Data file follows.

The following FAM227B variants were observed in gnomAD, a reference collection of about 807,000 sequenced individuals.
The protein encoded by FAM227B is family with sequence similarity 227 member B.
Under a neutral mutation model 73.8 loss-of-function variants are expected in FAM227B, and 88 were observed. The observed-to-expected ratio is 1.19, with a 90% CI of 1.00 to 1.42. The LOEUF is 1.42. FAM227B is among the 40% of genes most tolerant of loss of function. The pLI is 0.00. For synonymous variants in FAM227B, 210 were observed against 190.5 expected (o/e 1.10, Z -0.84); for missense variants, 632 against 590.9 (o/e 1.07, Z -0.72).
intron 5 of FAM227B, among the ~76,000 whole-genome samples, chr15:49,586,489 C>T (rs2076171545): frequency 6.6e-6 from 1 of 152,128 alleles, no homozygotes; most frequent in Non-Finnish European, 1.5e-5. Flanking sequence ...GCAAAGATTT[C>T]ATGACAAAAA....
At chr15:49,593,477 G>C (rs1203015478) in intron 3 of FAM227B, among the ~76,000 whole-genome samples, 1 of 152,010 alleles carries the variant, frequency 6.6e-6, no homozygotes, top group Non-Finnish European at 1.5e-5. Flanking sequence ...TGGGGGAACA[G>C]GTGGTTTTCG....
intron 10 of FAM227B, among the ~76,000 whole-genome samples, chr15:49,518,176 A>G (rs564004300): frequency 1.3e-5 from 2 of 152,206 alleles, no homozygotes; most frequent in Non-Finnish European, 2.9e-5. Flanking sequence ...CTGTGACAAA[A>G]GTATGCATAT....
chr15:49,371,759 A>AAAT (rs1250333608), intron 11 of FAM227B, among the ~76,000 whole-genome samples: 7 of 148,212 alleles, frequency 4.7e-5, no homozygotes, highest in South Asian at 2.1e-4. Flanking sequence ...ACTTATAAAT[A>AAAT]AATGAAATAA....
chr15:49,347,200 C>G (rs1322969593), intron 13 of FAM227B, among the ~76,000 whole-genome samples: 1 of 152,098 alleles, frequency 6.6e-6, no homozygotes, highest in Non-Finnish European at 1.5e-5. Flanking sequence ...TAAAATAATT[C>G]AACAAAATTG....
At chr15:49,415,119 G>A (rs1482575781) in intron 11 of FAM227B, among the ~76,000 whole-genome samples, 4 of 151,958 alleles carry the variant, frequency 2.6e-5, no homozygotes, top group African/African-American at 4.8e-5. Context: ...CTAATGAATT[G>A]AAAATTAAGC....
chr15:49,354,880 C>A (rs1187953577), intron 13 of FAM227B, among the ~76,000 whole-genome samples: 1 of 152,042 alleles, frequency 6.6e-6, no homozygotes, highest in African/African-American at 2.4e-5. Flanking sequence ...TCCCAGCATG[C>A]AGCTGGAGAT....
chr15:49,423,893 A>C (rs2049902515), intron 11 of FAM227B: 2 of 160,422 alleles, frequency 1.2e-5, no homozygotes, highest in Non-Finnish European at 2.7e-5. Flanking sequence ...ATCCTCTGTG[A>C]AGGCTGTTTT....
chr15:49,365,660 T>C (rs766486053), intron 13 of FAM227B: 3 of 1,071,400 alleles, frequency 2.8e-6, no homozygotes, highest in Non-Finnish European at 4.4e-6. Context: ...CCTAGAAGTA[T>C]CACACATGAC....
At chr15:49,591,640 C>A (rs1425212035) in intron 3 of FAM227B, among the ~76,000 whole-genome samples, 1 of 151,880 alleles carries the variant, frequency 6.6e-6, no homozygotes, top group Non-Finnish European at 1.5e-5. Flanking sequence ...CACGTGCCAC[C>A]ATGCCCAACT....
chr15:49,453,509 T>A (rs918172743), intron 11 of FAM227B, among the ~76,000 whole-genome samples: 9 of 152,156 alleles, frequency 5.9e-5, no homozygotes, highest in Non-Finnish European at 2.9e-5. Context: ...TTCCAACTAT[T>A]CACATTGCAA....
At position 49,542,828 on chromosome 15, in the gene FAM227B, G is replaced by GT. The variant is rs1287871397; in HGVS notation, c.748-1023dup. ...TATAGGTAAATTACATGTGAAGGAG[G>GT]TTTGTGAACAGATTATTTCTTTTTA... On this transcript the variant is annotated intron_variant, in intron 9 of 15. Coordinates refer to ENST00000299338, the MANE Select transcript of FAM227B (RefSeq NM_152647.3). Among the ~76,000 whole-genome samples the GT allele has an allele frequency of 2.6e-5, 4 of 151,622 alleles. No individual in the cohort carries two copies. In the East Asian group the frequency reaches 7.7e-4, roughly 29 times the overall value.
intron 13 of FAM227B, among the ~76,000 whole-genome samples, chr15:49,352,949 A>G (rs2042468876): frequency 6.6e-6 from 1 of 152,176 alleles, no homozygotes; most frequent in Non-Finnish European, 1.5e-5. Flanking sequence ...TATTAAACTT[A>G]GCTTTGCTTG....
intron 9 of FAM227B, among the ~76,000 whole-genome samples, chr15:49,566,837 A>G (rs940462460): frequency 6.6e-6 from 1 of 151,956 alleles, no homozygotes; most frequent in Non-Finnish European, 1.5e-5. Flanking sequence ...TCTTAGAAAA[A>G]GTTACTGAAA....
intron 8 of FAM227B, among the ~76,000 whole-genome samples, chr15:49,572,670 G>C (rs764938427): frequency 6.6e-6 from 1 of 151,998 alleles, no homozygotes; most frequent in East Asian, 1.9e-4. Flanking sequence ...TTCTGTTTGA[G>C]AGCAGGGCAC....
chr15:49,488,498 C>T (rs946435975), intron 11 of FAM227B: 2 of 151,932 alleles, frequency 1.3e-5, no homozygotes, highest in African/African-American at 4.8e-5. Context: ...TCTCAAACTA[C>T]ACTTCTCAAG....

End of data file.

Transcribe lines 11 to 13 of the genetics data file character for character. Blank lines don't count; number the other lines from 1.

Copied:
chr15:49,423,893 A>C (rs2049902515), intron 11 of FAM227B: 2 of 160,422 alleles, frequency 1.2e-5, no homozygotes, highest in Non-Finnish European at 2.7e-5. Flanking sequence ...ATCCTCTGTG[A>C]AGGCTGTTTT....
chr15:49,365,660 T>C (rs766486053), intron 13 of FAM227B: 3 of 1,071,400 alleles, frequency 2.8e-6, no homozygotes, highest in Non-Finnish European at 4.4e-6. Context: ...CCTAGAAGTA[T>C]CACACATGAC....
At chr15:49,591,640 C>A (rs1425212035) in intron 3 of FAM227B, among the ~76,000 whole-genome samples, 1 of 151,880 alleles carries the variant, frequency 6.6e-6, no homozygotes, top group Non-Finnish European at 1.5e-5. Flanking sequence ...CACGTGCCAC[C>A]ATGCCCAACT....